Game To Lose
This page is based on a contribution from Mike Jones.
Game to Lose is a three-player card game played in the West Midlands of England. It is a reverse version of Chase the Nine or Chaser (which is the local name for Nine Card Don), in which the object is to avoid taking tricks containing valuable cards.
The scoring of each hand is in two parts:
- some cards score immediate points during the play for the player who wins them in a trick, and
- at the end of the play the cards in tricks are counted using a different system of values and the player who has the greatest value of cards scores extra points.
Scores are recorded on cribbage boards, and the first player whose total score reaches 121 or more points is the loser.
Players, Cards and Equipment
This game is always played by three people. It is possible that the game evolved from circumstances where four players were not available for full game of “Chaser”.
A standard Anglo-American pack of 52 cards is used. The cards in each suit rank from high to low A-K-Q-J-10-9-8-7-6-5-4-3-2.
Since players score points throughout the play as well as at the end of a hand, it is convenient to use a pegboard or boards to keep the score. One way is to use three of the lanes from two standard crib boards, like this:
With the above arrangement, each player will make two circuits of the board to reach 121 or more points.
Alternatively, if available, a specialised 121-hole three-lane board may be used:
To choose the first dealer, the pack is shuffled, each player in turn cuts the pack, lifting a portion of it and turning it face up to show the bottom card. Whoever cuts the lowest card will be the first "Pitcher". If there is a tie for lowest card, the players involved cut again until a “Pitcher” is determined.
The deck is then reassembled by the player to the right of the “Pitcher”: this player will be the first dealer, after which the turn to deal will pass to the left after each hand.
The dealer shuffles the cards and places them face down onto the table, the player to dealer's right cuts the deck, lifting a portion of the pack, placing it on the table, and then putting the remaining bottom section of the pack on top of it.
The dealer then picks up the pile and deals four hands of 13 cards each, dealing one card at a time, clockwise. The first card of each round of the deal goes to the pitcher, the second to the next player, the third to the dealer and the fourth to a dummy hand. This dummy hand (which will be between the dealer and the pitcher as the cards are dealt clockwise) plays no further part until the next deal. It is set aside and no one is allowed to see what cards are in it: all cards in the dummy hand are “sleeping”.
The Pitcher begins the play by leading any card, placing it face up on the table. The suit of this card becomes the trump suit for the hand (for this and the following 12 tricks). Each of the other players in turn plays a card, and the winner of the trick stores the three cards in from of them in their 'won' pile and leads to the next trick. Since it is only the cards won in tricks that are important and not the number of tricks taken, the 'won' cards can be kept in a single pile and need not be stored as separate tricks.
When playing to a trick, players must follow suit if they can, by playing a card of the suit that was led. A player who is unable to follow suit may play any card. The trick is won by the highest card of the suit that was led, unless there are trumps in it, in which case it is won by the highest trump.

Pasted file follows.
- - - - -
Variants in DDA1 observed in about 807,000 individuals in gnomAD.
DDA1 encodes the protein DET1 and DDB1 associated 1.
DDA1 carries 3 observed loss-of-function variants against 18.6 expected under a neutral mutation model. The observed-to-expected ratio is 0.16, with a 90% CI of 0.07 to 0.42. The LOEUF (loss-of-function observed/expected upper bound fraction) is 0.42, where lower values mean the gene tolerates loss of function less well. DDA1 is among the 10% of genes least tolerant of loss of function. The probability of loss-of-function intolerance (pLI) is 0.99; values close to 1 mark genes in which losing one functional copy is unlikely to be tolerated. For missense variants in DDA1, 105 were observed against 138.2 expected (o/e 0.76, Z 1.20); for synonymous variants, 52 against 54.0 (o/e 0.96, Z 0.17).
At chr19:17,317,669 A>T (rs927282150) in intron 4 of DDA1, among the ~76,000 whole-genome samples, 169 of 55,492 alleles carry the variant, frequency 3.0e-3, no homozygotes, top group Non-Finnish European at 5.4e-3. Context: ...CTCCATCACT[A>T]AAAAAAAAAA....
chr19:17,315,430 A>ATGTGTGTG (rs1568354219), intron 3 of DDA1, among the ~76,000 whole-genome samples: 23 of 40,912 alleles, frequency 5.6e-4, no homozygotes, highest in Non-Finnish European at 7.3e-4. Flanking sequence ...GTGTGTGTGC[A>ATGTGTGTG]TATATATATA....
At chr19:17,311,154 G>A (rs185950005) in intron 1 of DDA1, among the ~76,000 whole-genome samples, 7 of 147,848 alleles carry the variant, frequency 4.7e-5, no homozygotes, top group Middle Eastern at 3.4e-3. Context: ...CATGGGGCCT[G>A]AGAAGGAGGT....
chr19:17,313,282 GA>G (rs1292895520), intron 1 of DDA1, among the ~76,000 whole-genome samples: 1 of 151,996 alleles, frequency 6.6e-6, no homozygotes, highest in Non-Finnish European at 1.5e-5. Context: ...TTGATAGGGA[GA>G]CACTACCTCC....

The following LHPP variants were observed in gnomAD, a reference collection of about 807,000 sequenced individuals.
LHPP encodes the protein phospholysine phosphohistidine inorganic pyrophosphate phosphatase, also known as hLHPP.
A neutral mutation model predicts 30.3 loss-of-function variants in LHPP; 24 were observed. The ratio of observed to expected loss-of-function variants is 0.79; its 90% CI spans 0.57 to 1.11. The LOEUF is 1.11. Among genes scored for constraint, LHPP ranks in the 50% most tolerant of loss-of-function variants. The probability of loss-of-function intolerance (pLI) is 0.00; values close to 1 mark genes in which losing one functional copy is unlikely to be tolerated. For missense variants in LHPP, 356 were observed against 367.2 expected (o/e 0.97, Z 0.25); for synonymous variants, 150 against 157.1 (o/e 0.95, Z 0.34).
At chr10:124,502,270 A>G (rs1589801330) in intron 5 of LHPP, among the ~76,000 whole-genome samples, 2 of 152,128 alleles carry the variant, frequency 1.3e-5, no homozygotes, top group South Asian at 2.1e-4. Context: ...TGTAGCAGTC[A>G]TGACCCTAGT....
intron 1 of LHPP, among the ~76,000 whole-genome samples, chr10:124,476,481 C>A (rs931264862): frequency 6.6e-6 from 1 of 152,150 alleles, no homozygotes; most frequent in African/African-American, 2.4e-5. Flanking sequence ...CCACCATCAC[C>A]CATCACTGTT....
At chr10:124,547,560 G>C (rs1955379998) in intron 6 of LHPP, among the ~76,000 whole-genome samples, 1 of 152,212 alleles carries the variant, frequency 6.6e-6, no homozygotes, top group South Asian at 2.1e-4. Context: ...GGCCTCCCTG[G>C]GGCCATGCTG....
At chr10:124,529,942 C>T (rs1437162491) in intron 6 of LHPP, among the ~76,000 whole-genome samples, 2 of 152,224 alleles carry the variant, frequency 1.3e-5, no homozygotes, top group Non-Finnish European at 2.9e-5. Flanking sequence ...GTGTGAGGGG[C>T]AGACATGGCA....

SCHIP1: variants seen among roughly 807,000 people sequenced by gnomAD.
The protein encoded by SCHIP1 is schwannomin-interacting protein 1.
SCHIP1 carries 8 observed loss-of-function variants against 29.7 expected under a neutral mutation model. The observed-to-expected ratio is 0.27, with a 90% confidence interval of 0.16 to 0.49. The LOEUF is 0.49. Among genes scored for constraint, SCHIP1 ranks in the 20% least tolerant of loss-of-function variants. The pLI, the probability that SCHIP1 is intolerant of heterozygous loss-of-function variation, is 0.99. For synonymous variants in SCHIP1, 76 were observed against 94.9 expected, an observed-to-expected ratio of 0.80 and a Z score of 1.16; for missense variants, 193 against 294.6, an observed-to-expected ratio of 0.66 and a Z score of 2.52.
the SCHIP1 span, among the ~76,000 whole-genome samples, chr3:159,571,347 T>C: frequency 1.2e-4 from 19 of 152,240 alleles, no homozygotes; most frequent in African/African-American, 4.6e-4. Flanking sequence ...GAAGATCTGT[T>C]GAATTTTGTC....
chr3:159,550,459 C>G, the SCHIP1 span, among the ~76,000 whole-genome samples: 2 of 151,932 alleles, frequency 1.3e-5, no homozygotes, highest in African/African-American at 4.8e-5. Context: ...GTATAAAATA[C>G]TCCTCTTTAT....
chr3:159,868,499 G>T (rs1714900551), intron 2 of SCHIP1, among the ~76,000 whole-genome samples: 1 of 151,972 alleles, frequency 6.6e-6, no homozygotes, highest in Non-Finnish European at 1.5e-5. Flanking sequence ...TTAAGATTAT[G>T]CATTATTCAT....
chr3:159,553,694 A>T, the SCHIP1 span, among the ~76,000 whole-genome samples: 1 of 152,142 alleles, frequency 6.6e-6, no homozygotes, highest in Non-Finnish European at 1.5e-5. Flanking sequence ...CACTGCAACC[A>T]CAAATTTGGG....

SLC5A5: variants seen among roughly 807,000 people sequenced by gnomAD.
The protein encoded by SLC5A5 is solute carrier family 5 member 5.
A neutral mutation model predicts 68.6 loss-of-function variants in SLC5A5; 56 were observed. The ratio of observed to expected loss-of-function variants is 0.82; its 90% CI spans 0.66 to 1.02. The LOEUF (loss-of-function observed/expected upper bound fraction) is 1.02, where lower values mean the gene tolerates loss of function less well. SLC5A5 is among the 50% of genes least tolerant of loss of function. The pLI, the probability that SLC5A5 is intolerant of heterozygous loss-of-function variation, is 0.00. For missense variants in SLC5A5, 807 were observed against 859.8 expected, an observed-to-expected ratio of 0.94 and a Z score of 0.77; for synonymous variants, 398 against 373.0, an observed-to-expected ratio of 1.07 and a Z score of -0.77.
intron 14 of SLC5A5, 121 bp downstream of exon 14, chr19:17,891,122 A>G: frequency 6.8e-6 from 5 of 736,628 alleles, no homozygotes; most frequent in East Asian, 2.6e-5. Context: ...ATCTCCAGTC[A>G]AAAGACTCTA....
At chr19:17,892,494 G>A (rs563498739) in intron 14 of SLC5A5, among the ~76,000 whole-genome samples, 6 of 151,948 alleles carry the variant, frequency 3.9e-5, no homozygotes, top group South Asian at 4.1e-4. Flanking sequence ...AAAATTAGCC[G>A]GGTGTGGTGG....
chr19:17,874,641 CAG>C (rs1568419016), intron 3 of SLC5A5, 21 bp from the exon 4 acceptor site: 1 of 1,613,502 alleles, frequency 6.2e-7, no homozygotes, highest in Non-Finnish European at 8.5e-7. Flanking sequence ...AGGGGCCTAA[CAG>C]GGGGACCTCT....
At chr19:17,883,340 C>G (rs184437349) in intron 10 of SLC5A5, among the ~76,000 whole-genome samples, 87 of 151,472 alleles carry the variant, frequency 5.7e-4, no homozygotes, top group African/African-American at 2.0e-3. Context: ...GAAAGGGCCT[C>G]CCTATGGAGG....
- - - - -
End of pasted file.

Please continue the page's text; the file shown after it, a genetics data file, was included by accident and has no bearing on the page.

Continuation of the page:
If a trick contains any scoring cards, the player who won the trick must immediately peg the value of that cards or cards. The cards that score during the play are:
|Ace of trumps||4 points|
|King of trumps||3 points|
|Queen of trumps||2 points|
|Jack of trumps||1 point|
|Nine of trumps||9 points|
|Five of trumps||10 points|
|Other Fives||5 points each|
No other cards score. So there are up to 44 points that might be pegged during play: 29 for trumps cards plus 15 for the other three Fives, but in practice there will usually be fewer because some of the scoring cards will be sleeping in the dummy.
If the points pegged by the winner of a trick take the player's total to 121 or more, the game ends immediately. That player is the loser and pays the agreed stake to each opponent.
Scoring after the Play
At the end of the 13 tricks each player counts all scoring cards in his “won” pile, according to the following schedule.
|Each Ace||4 points|
|Each King||3 Points|
|Each Queen||2 points|
|Each Jack||1 point|
|Each Ten||10 points|
The scoring cards here are not the same as those that score points during the play. Tens are now important, Nines and Fives have no value, and there is no difference in value between trumps and other suits. The total number of points in the pack is 80, but nearly always there will fewer than 80 in play because some will be sleeping in the dummy.
The player who has most card points in their tricks according to this schedule pegs 8 points for "the Eight". If two players tie for most card points each of them pegs 4 points. If this pegging takes anyone above 120 points on the board that player is the loser and pays the agreed stake to each opponent.
It is rare but not impossible that two players tie for most card points, and pegging 4 points each takes both of them above 120 on the board. I suggest that in this case they have both lost (even if their scores are unequal) and that both of them should pay the agreed stake to the lucky third player who has not lost.
Another even rarer possibility is that all three players could have the same number of card points in their tricks. In this case I suggest that no one should peg any points for the Eight.
I would be interested to hear from anyone who has come across either of these unusual tie situations and can tell me how they are traditionally handled.